BOSTON (CBS) – The anguish of infertility can be heartbreaking for a couple. There is another side of this problem that’s getting worse. It’s known as secondary infertility. More couples are finding their dreams of having a second child are not coming true.
You can see it in Amy Wruble’s eyes when she is around her daughter Viv. She loves being a mother. “Being a mom is everything I ever dreamed of, and more.” After having Viv, both she and her husband thought they would be able to have another baby. “Yet it has been much tougher this time,” added Wruble.READ MORE: Supply Chain Issues: 'There Really Are Problems Everywhere,' Even For Small Companies
It is estimated about three million women in the United States are like Amy. They either cannot get pregnant or carry a baby to term successfully despite having done so once. Secondary infertility is becoming more common.
Wruble said this is a difficult situation to deal with emotionally. “One of the unique challenges of secondary infertility is that you have a child so you are socializing with families, young families that are building their families, having more children,” explained Wruble. “But I am deep down inside, jealous and frustrated, you know why not me? Why is it easy for them and so hard for me?”
Wruble shared her struggles in a very public way, on her blog “Carriage before Marriage”.
Dr. Joseph Hill of the Fertility Centers of New England believes secondary infertility doesn’t get discussed enough, despite an increase the number of cases involving secondary infertility over the last 20 years.
“A lot of people think, ‘Oh you have a baby, you should be fine.’ No, the incidence of pathological depression is significant in someone with secondary infertility, just like it is in someone with recurrent pregnancy loss,” explained Dr. Hill.READ MORE: FDA Expected To Authorize Mixing COVID-19 Vaccine Booster Shots, Report Says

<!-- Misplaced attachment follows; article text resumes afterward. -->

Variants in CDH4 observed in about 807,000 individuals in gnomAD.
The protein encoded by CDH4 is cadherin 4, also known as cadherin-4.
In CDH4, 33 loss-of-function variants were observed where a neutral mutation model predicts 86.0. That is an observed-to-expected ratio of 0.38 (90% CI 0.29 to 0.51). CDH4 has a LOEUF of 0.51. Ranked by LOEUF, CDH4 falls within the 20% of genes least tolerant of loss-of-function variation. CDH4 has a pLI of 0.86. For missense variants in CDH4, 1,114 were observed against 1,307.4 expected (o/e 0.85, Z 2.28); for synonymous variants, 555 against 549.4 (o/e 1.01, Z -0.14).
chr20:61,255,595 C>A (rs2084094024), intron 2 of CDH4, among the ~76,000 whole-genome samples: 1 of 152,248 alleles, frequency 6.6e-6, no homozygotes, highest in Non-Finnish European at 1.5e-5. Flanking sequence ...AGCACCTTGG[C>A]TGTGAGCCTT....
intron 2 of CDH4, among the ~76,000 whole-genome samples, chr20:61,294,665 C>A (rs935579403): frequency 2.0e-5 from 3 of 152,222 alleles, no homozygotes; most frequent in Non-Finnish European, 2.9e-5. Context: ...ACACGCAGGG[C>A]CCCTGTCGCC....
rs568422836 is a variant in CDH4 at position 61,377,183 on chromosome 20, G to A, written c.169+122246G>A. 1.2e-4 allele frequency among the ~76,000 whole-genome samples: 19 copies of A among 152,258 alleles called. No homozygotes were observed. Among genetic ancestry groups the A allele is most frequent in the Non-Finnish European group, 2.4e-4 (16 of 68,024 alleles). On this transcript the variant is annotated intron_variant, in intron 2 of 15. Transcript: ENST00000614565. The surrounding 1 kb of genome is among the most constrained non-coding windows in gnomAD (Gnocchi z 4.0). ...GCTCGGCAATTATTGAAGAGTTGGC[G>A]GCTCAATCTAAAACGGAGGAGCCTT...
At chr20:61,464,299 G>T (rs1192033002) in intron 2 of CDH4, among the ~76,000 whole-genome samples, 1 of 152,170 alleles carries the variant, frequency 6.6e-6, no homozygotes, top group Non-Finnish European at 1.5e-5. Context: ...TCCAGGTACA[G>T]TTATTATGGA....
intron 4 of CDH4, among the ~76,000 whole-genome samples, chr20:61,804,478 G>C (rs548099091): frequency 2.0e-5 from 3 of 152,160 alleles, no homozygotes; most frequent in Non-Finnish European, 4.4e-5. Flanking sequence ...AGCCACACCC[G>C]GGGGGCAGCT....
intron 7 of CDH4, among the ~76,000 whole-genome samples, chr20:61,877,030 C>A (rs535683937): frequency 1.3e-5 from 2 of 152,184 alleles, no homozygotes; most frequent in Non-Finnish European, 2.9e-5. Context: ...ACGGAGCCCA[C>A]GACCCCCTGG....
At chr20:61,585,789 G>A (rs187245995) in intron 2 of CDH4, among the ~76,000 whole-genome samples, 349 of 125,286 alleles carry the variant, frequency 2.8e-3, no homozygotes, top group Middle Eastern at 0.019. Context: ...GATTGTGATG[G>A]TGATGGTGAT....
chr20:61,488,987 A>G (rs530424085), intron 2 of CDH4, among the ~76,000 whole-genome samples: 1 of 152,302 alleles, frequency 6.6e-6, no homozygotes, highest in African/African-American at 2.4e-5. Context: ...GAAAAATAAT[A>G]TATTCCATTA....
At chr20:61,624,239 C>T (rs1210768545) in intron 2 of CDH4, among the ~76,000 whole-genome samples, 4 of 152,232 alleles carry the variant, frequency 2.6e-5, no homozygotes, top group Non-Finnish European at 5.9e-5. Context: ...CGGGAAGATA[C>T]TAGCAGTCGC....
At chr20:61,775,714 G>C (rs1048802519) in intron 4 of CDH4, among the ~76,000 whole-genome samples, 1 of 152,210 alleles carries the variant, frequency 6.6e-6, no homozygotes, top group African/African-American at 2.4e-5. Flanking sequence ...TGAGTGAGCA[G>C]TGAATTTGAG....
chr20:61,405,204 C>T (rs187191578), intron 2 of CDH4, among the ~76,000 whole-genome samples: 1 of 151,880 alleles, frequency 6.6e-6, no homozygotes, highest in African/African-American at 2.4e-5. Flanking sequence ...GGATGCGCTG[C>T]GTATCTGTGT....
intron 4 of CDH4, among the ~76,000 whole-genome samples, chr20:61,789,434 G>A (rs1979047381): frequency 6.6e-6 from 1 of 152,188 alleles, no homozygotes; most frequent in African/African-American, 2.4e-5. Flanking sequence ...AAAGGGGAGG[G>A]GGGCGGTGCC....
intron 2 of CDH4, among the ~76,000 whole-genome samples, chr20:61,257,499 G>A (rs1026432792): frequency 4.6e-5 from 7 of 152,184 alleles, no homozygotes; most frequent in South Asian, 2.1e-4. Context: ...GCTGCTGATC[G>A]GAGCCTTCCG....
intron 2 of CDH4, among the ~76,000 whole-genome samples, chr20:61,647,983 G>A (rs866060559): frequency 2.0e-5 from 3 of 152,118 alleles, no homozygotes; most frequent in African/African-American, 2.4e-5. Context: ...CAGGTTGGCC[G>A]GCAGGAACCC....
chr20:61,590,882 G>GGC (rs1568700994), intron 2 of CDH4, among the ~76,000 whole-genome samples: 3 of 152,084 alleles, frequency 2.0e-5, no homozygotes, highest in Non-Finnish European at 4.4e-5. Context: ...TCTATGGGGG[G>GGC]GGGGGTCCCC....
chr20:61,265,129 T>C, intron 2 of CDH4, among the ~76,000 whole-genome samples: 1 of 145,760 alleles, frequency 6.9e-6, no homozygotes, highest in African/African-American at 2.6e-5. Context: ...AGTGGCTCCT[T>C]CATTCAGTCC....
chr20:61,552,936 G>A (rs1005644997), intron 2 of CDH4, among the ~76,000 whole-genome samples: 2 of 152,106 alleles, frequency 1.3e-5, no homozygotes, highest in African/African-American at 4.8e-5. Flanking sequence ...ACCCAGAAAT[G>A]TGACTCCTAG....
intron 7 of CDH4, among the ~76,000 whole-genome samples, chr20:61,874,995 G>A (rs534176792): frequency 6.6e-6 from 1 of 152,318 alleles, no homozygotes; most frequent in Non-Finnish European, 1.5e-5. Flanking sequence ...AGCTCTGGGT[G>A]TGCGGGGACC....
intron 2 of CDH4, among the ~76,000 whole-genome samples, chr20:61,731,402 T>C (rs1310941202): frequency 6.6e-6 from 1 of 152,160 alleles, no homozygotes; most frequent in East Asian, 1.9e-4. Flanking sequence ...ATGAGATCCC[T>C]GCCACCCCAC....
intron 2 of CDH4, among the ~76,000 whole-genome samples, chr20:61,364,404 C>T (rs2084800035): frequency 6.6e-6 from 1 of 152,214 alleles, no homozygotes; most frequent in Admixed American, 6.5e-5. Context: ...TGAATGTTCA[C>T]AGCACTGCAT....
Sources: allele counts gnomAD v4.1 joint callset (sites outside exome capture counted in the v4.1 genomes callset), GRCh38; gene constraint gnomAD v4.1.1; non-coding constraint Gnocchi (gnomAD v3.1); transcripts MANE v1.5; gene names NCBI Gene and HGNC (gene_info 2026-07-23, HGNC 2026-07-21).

The increase in these cases does in part have to with the fact women are waiting longer to have kids, but that’s just part of it. Problems can be traced to a women’s first delivery, according to Dr. Hill. “If there was a prolonged labor . . . even a silent infection . . . C-sections may be more likely to cause superficial adhesions that could distort anatomically the relationship of the fallopian tubes to the ovaries.”
Lifestyle habits also add wear and tear over time, and reduce fertility rates. “Such as obesity, smoking, alcohol, nutritional status in general,” added Dr. Hill.
So when should a woman seek medical help? Dr. Hill says if a woman is over 35 and isn’t pregnant after six months of trying, it is time to schedule an appointment.
About 20% of the patients who come to the Fertility Centers of New England now do so because of issues with secondary infertility.
Amy is now in her early 40s and feels blessed she has Viv in her life. But that doesn’t stop her longing for more children. “It’s just that I loved having her, and raising her thru babyhood so much, why wouldn’t I want to do it again? I do. I want to do it again.”MORE NEWS: Coronavirus In Massachusetts: Today's Developments
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